Preschool Daze Dear daughter: One day you'll understand why your D.C. education drove your parents crazy.

Photographs by Darrow Montgomery Illustration by Carey Jordan

Half of the nation passionately believed that in silver lay salvation, the other half as passionately believed that that way lay destruction. Do you believe that a tenth part of the people, on either side, had any rational excuse for having an opinion about the matter at all? I studied that mighty question to the bottom—came out empty.

—Mark Twain, “Corn-Pone Opinions,” 1903

Dear Isadora,

You are only two and a half, but listen: I was not prepared to be a parent, and I am not the most available father, but I am the father you have and, mark my words, you will be educated.

Though I know little about pedagogy—and what little I know I picked up in more than a dozen hour-long open houses at D.C. schools trying to sell me on their philosophy as anxious new parents like me failed to quiet the tired children wailing on their laps—I have opinions.

If I have anything to say about it, you will not be skipped from the first grade to second grade against your will, as I was; you will not give your tween years over to video games and sandwiches made of American cheese and potato chips, as I did; you will not be set upon by a large classmate at your large public high school and inexplicably punched in the face at 13, as I was; you will not lose your virginity before you learn to drive, as I did.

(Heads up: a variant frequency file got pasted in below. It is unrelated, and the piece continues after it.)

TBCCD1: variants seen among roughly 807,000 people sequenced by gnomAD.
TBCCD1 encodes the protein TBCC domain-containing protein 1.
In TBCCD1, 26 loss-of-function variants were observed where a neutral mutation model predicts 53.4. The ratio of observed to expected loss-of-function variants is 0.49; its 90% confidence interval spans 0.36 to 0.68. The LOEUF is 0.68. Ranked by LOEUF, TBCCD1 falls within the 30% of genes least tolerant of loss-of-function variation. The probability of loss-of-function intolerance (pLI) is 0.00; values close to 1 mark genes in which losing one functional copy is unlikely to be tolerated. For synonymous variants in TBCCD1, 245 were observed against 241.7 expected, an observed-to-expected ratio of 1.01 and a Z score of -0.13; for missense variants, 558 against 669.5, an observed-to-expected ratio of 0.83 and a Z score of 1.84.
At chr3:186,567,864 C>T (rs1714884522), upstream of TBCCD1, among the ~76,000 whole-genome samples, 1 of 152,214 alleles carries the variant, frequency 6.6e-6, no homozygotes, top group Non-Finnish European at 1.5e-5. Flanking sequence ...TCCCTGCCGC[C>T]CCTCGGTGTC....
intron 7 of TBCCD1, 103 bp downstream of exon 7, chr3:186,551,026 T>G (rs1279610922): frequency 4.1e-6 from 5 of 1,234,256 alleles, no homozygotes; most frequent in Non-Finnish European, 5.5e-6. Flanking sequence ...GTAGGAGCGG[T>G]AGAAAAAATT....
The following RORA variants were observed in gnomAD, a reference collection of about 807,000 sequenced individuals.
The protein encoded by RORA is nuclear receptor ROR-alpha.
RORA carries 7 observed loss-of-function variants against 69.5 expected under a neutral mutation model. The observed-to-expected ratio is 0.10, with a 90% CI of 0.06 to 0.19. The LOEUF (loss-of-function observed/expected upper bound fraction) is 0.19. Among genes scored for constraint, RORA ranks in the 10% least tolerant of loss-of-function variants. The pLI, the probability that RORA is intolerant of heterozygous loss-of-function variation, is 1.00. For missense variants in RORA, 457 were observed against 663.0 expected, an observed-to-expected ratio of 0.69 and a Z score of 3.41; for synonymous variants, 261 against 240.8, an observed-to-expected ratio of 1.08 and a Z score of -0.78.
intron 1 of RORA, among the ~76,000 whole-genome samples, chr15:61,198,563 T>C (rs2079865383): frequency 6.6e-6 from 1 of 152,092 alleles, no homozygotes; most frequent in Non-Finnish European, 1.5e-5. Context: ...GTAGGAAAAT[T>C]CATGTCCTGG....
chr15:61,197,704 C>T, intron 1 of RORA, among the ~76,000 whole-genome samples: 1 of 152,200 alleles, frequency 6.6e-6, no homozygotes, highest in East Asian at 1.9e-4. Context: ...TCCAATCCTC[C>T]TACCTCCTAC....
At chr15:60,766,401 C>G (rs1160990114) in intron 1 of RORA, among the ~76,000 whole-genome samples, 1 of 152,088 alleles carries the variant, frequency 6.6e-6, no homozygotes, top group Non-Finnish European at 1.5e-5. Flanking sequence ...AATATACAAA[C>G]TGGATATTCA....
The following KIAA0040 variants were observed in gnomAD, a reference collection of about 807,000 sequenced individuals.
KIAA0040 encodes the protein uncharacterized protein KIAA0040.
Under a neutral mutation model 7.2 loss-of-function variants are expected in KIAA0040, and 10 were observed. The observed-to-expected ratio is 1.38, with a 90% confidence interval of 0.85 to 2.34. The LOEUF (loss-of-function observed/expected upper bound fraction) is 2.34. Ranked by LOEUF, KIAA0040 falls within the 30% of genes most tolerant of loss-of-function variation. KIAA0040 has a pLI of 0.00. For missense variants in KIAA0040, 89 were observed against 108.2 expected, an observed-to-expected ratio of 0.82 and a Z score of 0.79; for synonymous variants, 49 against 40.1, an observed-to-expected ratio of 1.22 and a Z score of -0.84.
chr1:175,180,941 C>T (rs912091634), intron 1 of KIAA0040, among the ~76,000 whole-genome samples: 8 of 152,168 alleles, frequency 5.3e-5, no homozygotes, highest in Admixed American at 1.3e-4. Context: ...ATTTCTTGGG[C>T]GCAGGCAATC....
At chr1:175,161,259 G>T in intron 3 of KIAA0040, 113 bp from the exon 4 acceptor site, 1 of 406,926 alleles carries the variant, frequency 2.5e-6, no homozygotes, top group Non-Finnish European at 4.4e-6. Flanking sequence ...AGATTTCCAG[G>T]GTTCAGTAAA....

Let the public schools make their case, but diversity is not always strength, and I care only so much about bilingualism. Let the private schools make their case, but if they are hives of Republicans or anti-Semites, you will not attend. And let the charter schools make their case, but I frown upon any institution younger than its wards manned by twenty-something “educators” armed with a hip philosophy, inscrutable acronyms such as DIBELS, and a copy of Michelle Rhee’s new book, plotting a move from Ward 1 to a faraway campus on New York Avenue.

But we will find you a school. We must. Sure, you are only a toddler, but there are ground rules: 1) no gangs; 2) no drugs; 3) no sexting; 4) no budding date rapists with slight moustaches.

The world is your oyster. Money is less of an object than you might think. My liberal politics are forgotten and useless, like an appendix or vestigial tail. You will become whatever you want to become, whether you want to or not.

Know this. Believe me. Watch it happen.

Dear Isadora,

Your mother and I visited a public elementary school today. The school is four blocks away from our house, and we visit the playground often. Though the playground is new, the school is forbidding on the outside—bars, grates, security guards, and shady spots facing the park where I’ve seen teenagers smoke marijuana. Freddy Krueger might work in the boiler room.

Inside, things are friendlier. The school is huge—a labyrinth—but has been remodeled. There is a library made over by Target that is well-lit and pleasant. Students seem happy.

If the world made sense, you would attend this school, for free, until sixth grade. But, for reasons not clear to me, the institution doesn’t reserve places in its PK-3 program (that’s “pre-kindergarten for children 3 and older”) for students who live in our neighborhood. Thus, you must enter a lottery to compete with other toddlers from Wards 1 through 8 to attend a school that is a four-minute walk from your bedroom.